Why tabs are clearly superior

If you follow me on twitter or have heard one of my talks you’ll probably know I despise spaces for indentation with a passion. However, I’ve never gone into the details of my opinion on stage, and twitter isn’t really the right medium for advocacy. I always wanted to write a blog post about my take on this old debate, so here it is.

Tabs take up less space

Yes, this might be an insignificant difference after gzipping and a nonexistent one after minification. But it means you need these processes to keep your code size reasonable. You depend on them, for no reason. Comments for example are useful, and it’s worth having them even if you knew you couldn’t minify or gzip your code. Tabs could do the same thing as spaces, so you’re just bloating your code for no reason.

Tabs can be personalized

The width of a tab character can be adjusted per editor. This is not a disadvantage of tabs as commonly evangelized, but a major advantage. People can view your code in the way they feel comfortable with, not in the way *you* prefer. Tabs decouple the code’s presentation from its logic, just like CSS decouples presentation from HTML. They give more power to the reader rather than letting the author control everything. Basically, using spaces is like saying “I don’t give a rat’s ass about how you feel more comfortable reading code. I will force you to use my preferences because it’s my code”.

Tabs are better for collaboration

Personalization is incredibly valuable when a team is collaborating, as different coders can have different opinions. Some coders prefer their indents to be 2 spaces wide, some coders prefer them to be 4 spaces wide. Rather than manually or automatically converting the code post-pull, and then back pre-commit, it would be adjusted automatically, depending on the editor’s tab-width setting, so every coder could start editing right away, with their favorite type of indent.

You don’t depend on certain tools

When using spaces, you depend on your editor to hide the fact that an indent is actually N characters instead of one. You depend on your editor to insert N spaces every time you press the Tab key and to delete N characters every time you press backspace or delete near an indent. When you have to use something that’s not your editor (for example when writing a snippet of code on a webapp that embeds something like codemirror) you will have to face the ugliness of your decision. Especially with codemirror, everyone else will have to face the ugliness of spaces too, as it converts tabs to spaces 🙁

Tabs are easy to select

Assume for some reason you want to select all indents and double them or convert them to spaces. This is very easy with tabs, because that’s their sole meaning. Tabs were invented for this sort of thing. Spaces on the other hand, have many meanings, so you can’t just find & replace space characters. And how do we usually call the practice of using things for a different purpose than they were made for? Yup, that’s right, using spaces for indentation is a hack.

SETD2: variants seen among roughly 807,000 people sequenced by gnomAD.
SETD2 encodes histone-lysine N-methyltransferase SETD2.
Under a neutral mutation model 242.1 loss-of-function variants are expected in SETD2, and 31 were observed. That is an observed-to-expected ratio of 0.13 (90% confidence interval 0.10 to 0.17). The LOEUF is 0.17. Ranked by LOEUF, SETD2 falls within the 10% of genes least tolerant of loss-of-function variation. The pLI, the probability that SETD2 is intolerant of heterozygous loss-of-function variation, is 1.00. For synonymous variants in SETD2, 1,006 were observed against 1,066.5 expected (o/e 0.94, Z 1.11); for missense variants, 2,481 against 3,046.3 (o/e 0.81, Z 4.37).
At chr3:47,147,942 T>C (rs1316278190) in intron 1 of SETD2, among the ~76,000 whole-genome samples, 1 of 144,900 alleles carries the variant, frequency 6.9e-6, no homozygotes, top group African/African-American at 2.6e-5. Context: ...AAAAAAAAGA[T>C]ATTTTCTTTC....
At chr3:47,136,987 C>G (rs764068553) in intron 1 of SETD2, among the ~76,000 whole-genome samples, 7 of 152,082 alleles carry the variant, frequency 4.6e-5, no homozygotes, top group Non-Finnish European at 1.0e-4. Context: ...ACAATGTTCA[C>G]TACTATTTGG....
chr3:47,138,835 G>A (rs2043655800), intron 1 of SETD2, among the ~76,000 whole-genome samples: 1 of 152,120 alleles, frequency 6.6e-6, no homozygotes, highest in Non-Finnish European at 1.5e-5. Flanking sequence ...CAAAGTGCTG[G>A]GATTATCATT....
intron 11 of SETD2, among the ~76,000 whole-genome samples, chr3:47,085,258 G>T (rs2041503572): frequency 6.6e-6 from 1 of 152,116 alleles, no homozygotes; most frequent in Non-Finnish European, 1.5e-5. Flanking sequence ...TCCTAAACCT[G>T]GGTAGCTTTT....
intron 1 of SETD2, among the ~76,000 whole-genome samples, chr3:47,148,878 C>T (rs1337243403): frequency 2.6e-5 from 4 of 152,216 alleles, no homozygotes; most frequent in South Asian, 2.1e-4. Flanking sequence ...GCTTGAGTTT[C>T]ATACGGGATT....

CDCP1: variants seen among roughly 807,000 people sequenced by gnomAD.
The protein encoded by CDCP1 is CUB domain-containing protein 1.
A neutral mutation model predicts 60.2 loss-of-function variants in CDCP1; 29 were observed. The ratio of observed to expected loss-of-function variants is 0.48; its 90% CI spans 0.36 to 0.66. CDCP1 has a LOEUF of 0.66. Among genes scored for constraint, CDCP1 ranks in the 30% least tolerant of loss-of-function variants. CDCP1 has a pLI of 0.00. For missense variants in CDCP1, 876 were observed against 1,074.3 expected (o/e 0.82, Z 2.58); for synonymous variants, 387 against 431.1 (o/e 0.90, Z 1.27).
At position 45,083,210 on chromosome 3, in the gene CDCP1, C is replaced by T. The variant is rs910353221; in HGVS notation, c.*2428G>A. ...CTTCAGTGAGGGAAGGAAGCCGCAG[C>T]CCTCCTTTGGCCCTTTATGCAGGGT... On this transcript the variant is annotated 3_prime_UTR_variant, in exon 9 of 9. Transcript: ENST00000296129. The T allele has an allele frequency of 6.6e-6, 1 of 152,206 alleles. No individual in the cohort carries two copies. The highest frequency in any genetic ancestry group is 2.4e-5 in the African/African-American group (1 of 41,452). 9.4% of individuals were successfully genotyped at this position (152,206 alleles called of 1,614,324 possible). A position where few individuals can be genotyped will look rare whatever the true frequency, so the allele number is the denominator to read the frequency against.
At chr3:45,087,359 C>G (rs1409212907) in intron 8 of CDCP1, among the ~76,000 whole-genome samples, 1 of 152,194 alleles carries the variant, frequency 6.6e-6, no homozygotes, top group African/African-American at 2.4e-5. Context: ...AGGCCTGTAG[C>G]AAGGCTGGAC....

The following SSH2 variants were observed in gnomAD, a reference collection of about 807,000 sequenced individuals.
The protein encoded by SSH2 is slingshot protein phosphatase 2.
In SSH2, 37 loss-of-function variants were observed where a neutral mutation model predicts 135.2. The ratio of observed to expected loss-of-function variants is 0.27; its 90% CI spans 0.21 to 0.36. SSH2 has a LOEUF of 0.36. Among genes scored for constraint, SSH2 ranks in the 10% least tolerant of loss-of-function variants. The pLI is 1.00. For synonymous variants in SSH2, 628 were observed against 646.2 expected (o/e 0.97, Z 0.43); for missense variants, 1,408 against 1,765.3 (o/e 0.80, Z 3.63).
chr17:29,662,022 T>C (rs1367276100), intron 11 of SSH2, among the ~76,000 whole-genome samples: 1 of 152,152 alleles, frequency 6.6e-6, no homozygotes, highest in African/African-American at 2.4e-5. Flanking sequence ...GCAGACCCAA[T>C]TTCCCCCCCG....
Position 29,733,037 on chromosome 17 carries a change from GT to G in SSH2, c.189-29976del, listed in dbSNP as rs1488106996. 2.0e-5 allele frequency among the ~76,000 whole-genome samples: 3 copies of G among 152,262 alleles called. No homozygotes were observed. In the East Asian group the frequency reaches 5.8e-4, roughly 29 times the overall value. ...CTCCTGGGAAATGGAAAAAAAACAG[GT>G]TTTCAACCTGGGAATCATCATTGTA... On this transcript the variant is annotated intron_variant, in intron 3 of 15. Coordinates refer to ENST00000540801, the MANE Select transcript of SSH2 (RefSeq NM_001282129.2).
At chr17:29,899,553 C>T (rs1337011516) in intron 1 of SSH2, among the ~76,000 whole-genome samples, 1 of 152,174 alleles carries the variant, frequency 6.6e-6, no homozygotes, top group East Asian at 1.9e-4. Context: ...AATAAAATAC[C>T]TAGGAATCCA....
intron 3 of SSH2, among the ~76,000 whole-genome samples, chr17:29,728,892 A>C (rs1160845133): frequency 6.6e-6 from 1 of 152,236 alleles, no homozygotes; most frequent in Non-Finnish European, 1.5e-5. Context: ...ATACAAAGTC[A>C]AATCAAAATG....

Code indented with tabs is easier to copy & paste

As pointed out by Norbert Süle in the comments, when you copy and paste code that’s indented with spaces, you have to manually adjust the indentation afterwards, unless the other person also happens to prefer the same width indents as you. With tabs, there is no such issue, as it’s always tabs so it will fit in with your (tabbed) code seamlessly. The world would be a better place if everyone used tabs.

But what about the web? Tabs are super wide there!

This used to be a big problem, and even the enlightened coders that prefer tabs usually convert them to spaces before posting code online. However, CSS3 solves this problem, with the tab-size property. It’s supported by Opera, Firefox and very soon by WebKit too. It also degrades gracefully: The code is less pretty, but still perfectly readable.

Are spaces always evil?

Spaces are the best choice for aligning, rather than indenting. For example, in the following code snippet:

var x = 10,
    y = 0;

you need 4 spaces to make the variables line up. If you used tabs, they would only line up when the tab width is 4 and the formatting would look messed up in every other case. However, if this code snippet was also indented, the indents could (and should) still be tabs.

Another example is aligning CSS3 properties with different vendor prefixes. The indent should be done with tabs, but the aligning with spaces, like so:

div {
	-webkit-transition: 1s;
	   -moz-transition: 1s;
	    -ms-transition: 1s;
	     -o-transition: 1s;
	        transition: 1s;
}

It’s just a pointless detail, are you seriously that obsessed?

Um, ok I am exaggerating a bit when I say how spaces suck. I do think they suck, although I admit the world has much bigger problems than coders who use spaces for indentation.

For example, coders that don’t name their variables properly. Or the ones that prefer Emacs over Vim 😉

Further reading

Update: More reasons from commenters
 
Thanks to Oli  for his proofreading!

Update: More reasons from commenters

  1. Tabs reduce typing effort (Yes, editors will insert groups of spaces automatically when you press tab, but cursor movement and deletions must be done one at a time).
  2. Tabs make typing consistent – inserting/deleting/moving past an indent is always a single keypress. With spaces, one keypress creates an indent, but then you need to press delete an *indeterminate number of times* to remove the indent. That means I have to watch what I’m doing and press delete until my cursor lines up with the previous line, or (3) occurs.
  3. Tabs are indivisible. With spaces it is easy to end up on a non-tab column, and then you have either messy code or waste time tidying up the indentation. Tabs eliminate this problem by “snapping” code to the correct indentation column automatically.